- The Washington Times - Friday, February 13, 2009


Voters in Venezuela go to the polls Sunday to decide whether to allow President Hugo Chavez and other elected officials to run for office in perpetuity by ending term limits. Chavez was elected to his second six-year term in 2006 and is constitutionally required to leave office in 2012. Polls show a tight race, which is surprising given the degree of officially sanctioned persecution being visited on the opposition.

Chavez is employing his usual class-conflict rhetoric, seeking to mobilize the poor to “defend the revolution” from the middle and upper classes. Chavez’s shock troops are combing the slums seeking to boost turnout, mobilizing the masses with sloganeering, as well as distributing cash and alcohol.

Student-led opposition groups, whose evocative slogan is “No Means No,” have faced intimidation and violence. Members of the anti-Chavez press have been beaten and killed. Most recently Chavez has charged a number of prominent oppositionists with being part of something called “The Puerto Rico Pact,” an alleged U.S.-backed plan by “enemies of the homeland” to “spread chaos” and “erase Chavez as the candidate and leader of the on-going revolutionary process in Venezuela.”

This is Chavez’s second attempt to lay the legal groundwork for a lifetime in office. In 2007 he held a referendum to try to push through a grab bag of 69 public policies that would have, consolidated unprecedented power in the hands of the president; instituted communal councils and collective property; effectively nationalized banks, agriculture and the oil industry; and declared “the mandate to unify Latin America.” Chavez certainly does not lack vision. But that attempt was narrowly defeated, so this time Chavez is taking a first-things-first approach: Organize the system so he can be president for life, then move on to other things.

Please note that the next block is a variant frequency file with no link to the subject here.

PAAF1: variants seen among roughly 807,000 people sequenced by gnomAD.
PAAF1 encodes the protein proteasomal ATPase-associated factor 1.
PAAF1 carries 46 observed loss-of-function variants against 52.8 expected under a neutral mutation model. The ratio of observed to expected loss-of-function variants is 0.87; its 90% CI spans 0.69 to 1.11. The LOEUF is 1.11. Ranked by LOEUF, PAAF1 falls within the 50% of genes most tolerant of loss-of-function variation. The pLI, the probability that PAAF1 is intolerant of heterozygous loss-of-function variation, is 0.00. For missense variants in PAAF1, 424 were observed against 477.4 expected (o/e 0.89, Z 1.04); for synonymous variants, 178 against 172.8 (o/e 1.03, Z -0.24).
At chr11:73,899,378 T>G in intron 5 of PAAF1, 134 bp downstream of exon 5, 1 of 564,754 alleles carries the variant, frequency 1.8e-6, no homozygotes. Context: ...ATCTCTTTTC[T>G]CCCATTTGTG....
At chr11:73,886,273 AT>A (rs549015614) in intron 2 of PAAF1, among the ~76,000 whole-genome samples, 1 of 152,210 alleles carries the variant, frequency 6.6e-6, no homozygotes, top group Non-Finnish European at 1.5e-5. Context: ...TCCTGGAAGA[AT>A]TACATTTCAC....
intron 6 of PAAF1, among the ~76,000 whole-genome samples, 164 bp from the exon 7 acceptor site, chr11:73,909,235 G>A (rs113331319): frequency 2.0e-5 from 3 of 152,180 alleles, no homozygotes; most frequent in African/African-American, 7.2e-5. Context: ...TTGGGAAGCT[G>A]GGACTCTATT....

Referendum has long been a favorite tool of authoritarian rulers to give a veneer of legitimacy to their reckless abuse of power. Plato’s critique of democracy tells us that tyrants are born from the angry masses, that freedom and justice find no safety when the passions of the mob are unleashed. This is the primary reason the Founding Fathers rejected democracy in favor of republicanism. Not everything should be decided by a 50 percent plus one ballot. As the late John P. Roche once observed, the most democratic assembly is the lynch mob, because there is only one dissenting voice.

If the Chavez forces prevail on Sunday their victory will be touted as an “irreversible gain of the revolution.” But it will not matter if Chavez loses. We would be delighted to see him leave office some day, preferably soon, but if Sunday’s attempt fails there is always 2010, 2011, and 2012 before Mr. Chavez will be compelled to resort to other, more blatant means to prolong his disreputable rule.

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